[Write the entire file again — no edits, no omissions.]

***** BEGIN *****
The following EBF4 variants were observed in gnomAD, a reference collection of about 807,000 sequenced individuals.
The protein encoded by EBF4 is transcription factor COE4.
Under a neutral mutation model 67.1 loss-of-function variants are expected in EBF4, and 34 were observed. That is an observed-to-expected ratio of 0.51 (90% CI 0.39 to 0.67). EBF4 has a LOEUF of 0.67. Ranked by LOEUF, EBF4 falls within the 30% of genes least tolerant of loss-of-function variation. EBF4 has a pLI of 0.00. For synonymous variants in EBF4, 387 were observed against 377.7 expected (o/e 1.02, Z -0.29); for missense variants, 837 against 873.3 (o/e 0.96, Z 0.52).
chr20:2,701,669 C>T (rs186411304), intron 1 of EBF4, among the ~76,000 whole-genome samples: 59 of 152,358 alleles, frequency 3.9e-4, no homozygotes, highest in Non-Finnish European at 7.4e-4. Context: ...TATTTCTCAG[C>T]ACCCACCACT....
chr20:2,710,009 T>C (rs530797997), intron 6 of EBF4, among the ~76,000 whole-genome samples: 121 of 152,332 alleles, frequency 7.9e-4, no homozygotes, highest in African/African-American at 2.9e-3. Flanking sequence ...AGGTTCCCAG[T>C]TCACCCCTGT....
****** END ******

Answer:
The following EBF4 variants were observed in gnomAD, a reference collection of about 807,000 sequenced individuals.
The protein encoded by EBF4 is transcription factor COE4.
Under a neutral mutation model 67.1 loss-of-function variants are expected in EBF4, and 34 were observed. That is an observed-to-expected ratio of 0.51 (90% CI 0.39 to 0.67). EBF4 has a LOEUF of 0.67. Ranked by LOEUF, EBF4 falls within the 30% of genes least tolerant of loss-of-function variation. EBF4 has a pLI of 0.00. For synonymous variants in EBF4, 387 were observed against 377.7 expected (o/e 1.02, Z -0.29); for missense variants, 837 against 873.3 (o/e 0.96, Z 0.52).
chr20:2,701,669 C>T (rs186411304), intron 1 of EBF4, among the ~76,000 whole-genome samples: 59 of 152,358 alleles, frequency 3.9e-4, no homozygotes, highest in Non-Finnish European at 7.4e-4. Context: ...TATTTCTCAG[C>T]ACCCACCACT....
chr20:2,710,009 T>C (rs530797997), intron 6 of EBF4, among the ~76,000 whole-genome samples: 121 of 152,332 alleles, frequency 7.9e-4, no homozygotes, highest in African/African-American at 2.9e-3. Flanking sequence ...AGGTTCCCAG[T>C]TCACCCCTGT....